SAN MATEO -- In another heartbreaking turn of events since Asiana Airlines Flight 214 crash-landed at San Francisco International Airport two weeks ago, a coroner revealed Friday that a teenage girl jettisoned from the disintegrating aircraft initially survived but was killed after she was run over by a fire truck responding to the chaos on the runway.
Ye Mengyuan was alive when she was ejected from the plane after it crash landed at San Francisco International Airport on July 6, San Mateo County Coroner Robert Foucrault said Friday. Authorities said her body was discovered in tracks in flame-retardant foam that had been left by one of the San Francisco Fire Department's Airline Rescue and Firefighting (ARFF) rigs that responded to the crash, which killed three passengers and injured another 182 people on board.
Forcrault said the 16-year-old girl died from multiple blunt injuries consistent with being run over by a vehicle. He added that an examination of internal hemorrhaging ruled out any chance she was already dead when the truck hit her.
"She was alive when she received the injuries," Foucrault said.
San Francisco Fire Chief Joanne Hayes-White, appearing with Foucrault at a press conference, apologized to the Ye family for her death. She said the news is "devastating."
"I want to express our condolences and apologies to the family of Ye Mengyuan," she said. "Obviously this is very difficult news for us. We are heartbroken. We're in the business of saving lives."
Hayes-White said Friday that there are no disciplinary plans for anyone who might have been involved in the accidental death.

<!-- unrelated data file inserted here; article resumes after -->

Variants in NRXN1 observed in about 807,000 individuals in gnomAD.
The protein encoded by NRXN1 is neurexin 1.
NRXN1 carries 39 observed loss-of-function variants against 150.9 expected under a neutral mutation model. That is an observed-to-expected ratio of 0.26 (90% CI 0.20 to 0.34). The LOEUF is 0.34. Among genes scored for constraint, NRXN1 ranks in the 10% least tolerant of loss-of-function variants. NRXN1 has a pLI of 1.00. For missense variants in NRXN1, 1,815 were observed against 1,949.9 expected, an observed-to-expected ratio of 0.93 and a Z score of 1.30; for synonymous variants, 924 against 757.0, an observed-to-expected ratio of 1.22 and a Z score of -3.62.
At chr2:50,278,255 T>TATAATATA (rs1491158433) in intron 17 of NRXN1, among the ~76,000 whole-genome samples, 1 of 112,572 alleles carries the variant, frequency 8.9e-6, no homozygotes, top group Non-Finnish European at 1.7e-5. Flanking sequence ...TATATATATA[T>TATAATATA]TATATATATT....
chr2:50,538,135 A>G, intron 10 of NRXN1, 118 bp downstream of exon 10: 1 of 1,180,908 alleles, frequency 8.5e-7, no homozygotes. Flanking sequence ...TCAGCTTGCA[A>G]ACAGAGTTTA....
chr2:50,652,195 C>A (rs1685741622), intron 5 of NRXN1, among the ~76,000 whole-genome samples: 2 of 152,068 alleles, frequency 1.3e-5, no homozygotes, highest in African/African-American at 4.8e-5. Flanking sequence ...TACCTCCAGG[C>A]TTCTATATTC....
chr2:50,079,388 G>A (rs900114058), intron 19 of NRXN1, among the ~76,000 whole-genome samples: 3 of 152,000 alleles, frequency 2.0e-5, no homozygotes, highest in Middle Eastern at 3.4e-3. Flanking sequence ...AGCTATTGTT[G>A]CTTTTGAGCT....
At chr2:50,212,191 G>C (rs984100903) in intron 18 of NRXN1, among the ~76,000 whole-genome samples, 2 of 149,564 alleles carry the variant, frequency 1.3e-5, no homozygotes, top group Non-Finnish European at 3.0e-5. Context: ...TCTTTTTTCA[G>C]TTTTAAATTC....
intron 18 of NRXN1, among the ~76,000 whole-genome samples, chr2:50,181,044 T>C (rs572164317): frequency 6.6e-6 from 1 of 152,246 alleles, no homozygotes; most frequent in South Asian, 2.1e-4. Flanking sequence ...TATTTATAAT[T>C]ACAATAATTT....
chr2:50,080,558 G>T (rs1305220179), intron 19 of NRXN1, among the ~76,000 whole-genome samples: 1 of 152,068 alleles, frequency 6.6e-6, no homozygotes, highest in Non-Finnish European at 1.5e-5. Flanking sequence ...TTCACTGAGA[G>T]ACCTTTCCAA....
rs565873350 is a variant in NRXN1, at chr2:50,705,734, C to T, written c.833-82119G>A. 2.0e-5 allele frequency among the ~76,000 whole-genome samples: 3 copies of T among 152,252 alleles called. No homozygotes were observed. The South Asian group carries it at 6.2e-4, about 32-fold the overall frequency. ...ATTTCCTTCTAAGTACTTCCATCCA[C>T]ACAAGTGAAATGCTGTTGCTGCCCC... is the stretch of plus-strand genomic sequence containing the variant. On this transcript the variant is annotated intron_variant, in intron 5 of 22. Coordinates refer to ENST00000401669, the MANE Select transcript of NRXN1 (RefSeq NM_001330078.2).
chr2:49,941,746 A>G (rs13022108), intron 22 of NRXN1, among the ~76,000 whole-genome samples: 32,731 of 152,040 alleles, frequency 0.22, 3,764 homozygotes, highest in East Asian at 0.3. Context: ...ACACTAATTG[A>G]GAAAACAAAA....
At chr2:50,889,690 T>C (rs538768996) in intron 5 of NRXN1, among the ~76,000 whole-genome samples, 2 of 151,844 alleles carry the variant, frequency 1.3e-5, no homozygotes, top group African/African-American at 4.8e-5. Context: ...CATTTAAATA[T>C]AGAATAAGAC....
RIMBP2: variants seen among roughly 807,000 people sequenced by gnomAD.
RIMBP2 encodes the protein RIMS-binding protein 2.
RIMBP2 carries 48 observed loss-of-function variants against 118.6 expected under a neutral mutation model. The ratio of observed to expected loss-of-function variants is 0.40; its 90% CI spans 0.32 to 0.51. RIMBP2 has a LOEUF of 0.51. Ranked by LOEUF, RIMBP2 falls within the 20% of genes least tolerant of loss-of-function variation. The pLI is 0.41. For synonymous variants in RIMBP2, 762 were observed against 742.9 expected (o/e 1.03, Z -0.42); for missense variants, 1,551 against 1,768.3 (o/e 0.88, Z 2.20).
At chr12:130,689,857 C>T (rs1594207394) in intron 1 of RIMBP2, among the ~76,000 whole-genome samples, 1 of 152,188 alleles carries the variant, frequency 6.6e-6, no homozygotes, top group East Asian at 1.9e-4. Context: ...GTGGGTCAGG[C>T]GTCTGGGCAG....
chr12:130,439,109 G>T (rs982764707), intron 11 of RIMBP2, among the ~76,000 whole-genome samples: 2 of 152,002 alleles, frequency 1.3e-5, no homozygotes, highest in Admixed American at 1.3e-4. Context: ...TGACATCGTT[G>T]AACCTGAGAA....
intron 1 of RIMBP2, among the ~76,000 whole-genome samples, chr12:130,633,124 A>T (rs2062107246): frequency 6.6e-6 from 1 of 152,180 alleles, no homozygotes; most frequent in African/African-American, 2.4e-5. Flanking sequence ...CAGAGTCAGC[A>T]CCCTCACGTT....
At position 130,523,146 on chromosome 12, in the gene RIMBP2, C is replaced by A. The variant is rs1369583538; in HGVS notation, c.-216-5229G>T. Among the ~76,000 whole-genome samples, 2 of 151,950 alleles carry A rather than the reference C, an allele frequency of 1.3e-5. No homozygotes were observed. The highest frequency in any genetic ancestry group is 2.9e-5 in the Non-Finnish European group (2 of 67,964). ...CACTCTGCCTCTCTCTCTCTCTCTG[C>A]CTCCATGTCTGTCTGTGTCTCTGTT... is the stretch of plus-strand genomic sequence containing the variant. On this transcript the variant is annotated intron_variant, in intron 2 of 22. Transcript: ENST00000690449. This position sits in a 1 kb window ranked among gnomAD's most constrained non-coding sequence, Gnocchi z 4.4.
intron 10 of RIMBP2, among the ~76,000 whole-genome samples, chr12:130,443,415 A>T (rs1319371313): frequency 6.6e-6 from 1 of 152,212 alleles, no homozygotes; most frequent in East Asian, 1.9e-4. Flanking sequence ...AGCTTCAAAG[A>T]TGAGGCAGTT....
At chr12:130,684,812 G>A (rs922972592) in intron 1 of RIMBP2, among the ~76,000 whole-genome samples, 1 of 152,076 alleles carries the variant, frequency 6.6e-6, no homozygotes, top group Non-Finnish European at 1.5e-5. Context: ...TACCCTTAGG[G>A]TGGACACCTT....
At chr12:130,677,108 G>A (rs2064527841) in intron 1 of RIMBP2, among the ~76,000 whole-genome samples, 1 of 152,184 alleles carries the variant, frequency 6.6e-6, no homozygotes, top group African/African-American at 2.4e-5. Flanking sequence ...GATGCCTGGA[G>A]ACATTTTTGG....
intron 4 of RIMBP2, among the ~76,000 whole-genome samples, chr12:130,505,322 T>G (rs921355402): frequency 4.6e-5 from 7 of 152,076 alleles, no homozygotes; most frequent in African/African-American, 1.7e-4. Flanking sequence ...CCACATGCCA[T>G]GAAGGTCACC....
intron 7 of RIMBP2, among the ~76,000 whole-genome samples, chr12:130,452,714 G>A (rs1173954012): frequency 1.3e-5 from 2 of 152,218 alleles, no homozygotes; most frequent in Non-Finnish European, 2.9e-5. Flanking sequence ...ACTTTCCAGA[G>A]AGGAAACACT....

"At this moment," she said, "I consider it a tragic accident."
The Fire Department had said that firefighters realized only after extinguishing the plane fire and helping the more than 300 survivors get to safety, that one of the victims was found in the tracks of an ARFF rig. Ye had been covered in fire-retardant foam and was discovered in the tracks the fire truck made in the foam, according to the San Francisco Police Department's hit-and-run unit assigned to the case.
Ye's body was found near the left wing, and aerial photos taken after the crash show the yellow tarp covering her resting in the width of a visible set of tire tracks.
It was the worst possible outcome imaginable ever since authorities raised the possibility a rescue vehicle from the Fire Department's airport detail hit one of the fatal victims in the aftermath of the crash of the Boeing 777 jetliner. Hayes-White said Friday that multiple vehicles may have hit her, but that which ones were involved was still being determined.
The development tempered what had been widely lauded as a heroic and astounding rescue effort spearheaded by the department.
"We commit to continue to examine our response that day. Could we have done something different faced with challenges we had in terms of passengers still on an aircraft that was engulfed in flames ... and the need to get to those flames?" Hayes-White said. "We had fuel leaking. It was a very dangerous and volatile situation."
Hayes-White said she and San Francisco Mayor Ed Lee have reached out to the family to talk to them in person but have not yet met with them.
"I am profoundly saddened by the involvement of a responding emergency vehicle in the death 16-year-old Ye Mengyuan," Lee said in a statement. "On behalf of the people of San Francisco, I offer my deepest condolences and regret for her tragic death, and the deaths of her close friend, 16-year-old Wang Linjia, and 15-year-old Liu Yipeng. Our hearts are heavy, and our thoughts and prayers continue to be with their families and friends an ocean away."